Wound around the towel-protected sandpaper beam at the front of the loom, ready to be cut open and distributed across 13.2 inches at the center of the reed. First the one on the right, spaced as I’ve planned; then the other will fill in the blanks.
All those pretty tantalizing threads!! With two young cats in the studio/home, I’m careful to protect the work on the loom overnight and between work sessions. An old beach towel makes an effective barrier to curious felines.
Another good day’s work — all 200 threads in the proper order to produce the patterns I’ve designed on the computer, wound onto the warp beam at the back of the loom, and seen here at the front, lashed to the stainless steel rod with heavy cord, under tension. The lashing enables me to easily make minute adjustments to the tensioning of the threads across the width of the warp, aiming for it to be even everywhere before I begin weaving.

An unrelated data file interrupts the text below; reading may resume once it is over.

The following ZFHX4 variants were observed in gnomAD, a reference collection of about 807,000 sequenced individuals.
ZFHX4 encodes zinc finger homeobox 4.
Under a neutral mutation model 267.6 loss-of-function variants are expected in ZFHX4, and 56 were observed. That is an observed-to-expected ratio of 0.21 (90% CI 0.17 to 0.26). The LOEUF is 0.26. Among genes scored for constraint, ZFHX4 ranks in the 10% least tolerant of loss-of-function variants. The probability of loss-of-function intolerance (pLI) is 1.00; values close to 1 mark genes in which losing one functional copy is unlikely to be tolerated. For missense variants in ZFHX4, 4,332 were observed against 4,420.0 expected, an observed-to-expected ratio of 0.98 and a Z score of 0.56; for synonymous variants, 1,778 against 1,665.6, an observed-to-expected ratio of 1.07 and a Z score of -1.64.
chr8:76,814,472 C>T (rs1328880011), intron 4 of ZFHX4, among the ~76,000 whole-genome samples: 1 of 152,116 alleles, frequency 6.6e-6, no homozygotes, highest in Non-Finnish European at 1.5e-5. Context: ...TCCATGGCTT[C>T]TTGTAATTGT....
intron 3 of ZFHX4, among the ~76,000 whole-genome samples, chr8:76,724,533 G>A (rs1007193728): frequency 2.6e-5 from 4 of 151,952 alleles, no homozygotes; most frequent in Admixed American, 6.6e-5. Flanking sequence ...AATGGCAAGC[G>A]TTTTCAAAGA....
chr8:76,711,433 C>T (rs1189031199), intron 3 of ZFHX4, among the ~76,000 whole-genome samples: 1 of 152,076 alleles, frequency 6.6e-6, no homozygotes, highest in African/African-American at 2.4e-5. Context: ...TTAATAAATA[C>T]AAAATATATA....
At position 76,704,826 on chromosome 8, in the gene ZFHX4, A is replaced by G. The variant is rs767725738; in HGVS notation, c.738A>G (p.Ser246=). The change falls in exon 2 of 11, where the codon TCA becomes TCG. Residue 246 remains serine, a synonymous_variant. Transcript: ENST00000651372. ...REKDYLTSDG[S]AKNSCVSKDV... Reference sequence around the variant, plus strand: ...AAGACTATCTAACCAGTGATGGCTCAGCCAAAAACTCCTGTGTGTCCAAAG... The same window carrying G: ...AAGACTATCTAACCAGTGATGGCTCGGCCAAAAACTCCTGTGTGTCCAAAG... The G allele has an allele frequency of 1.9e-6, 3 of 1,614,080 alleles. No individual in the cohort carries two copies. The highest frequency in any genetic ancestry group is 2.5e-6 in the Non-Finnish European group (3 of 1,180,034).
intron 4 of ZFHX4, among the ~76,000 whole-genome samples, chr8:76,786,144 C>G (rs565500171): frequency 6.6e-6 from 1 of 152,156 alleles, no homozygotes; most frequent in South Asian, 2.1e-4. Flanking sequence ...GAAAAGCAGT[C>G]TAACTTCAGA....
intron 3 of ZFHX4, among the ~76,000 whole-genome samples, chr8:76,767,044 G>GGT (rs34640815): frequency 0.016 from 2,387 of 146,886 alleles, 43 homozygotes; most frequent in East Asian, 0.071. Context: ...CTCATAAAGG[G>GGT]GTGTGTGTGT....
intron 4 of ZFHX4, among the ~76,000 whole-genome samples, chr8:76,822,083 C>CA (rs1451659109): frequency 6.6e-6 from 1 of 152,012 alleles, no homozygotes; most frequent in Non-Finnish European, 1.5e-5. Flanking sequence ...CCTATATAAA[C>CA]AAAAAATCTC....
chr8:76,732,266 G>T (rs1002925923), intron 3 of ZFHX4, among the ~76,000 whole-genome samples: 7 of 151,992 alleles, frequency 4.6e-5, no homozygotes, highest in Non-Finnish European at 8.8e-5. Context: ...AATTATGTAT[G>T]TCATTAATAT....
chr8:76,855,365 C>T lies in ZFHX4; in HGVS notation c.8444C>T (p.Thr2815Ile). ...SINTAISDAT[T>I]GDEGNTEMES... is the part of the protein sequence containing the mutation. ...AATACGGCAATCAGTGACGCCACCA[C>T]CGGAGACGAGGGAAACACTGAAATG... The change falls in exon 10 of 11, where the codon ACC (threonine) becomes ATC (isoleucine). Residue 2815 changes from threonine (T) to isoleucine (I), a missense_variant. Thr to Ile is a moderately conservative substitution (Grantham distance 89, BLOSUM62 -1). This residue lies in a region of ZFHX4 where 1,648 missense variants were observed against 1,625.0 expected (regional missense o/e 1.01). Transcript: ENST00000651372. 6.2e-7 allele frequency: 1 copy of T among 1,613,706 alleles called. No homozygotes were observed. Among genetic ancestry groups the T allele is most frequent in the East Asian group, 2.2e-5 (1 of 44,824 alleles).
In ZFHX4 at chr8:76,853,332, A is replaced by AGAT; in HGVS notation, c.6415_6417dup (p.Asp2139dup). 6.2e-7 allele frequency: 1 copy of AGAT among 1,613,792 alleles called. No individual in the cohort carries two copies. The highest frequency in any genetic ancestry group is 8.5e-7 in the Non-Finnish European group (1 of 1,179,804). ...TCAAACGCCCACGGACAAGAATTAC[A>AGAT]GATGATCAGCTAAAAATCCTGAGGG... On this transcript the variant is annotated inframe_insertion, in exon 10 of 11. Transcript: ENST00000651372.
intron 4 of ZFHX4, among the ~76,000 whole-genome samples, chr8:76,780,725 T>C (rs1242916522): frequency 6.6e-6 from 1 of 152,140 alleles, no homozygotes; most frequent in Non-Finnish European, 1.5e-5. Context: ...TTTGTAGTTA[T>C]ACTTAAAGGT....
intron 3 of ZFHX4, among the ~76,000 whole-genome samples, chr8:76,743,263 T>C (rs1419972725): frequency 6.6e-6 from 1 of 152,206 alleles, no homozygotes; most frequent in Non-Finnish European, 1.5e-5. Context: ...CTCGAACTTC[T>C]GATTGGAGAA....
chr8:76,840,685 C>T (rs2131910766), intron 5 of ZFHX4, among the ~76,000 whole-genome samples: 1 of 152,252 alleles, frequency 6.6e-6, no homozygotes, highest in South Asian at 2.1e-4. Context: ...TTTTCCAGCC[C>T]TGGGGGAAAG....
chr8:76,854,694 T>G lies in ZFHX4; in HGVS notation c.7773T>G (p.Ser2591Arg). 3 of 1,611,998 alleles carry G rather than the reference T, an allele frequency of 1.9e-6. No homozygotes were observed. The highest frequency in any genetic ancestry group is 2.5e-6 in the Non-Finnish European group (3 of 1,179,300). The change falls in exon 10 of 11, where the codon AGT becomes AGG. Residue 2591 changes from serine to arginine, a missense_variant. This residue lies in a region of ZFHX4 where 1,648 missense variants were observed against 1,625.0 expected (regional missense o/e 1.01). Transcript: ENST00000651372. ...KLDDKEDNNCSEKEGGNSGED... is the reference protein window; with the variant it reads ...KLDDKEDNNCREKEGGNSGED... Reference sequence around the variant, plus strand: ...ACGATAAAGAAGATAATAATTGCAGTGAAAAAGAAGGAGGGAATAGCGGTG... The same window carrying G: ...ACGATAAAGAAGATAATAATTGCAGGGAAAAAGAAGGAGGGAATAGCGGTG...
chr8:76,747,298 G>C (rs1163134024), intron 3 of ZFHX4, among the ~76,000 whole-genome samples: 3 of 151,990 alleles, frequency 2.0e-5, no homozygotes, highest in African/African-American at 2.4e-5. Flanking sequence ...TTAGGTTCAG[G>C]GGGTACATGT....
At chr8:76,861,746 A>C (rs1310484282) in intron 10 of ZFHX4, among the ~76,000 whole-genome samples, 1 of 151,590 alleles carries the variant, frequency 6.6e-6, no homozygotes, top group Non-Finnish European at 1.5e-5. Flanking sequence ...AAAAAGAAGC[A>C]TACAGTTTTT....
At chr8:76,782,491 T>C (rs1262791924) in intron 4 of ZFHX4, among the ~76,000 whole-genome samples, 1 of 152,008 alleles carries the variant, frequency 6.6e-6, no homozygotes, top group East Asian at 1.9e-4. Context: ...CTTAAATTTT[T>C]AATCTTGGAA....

Here’s an early section of the second scarf, woven with an antique gold tencel in an even more elaborate pattern than the first one. Same section, seen from the side, showing the pattern more clearly. The angle of the light makes a big difference in what you see in these pieces, and when they’re off the loom and being worn, the colors and patterns will shift and change in intriguing ways.
The entire series will be finished in just a few more days. More pictures at that point. The third and last one is likely to be the most exciting. (Just a tease!)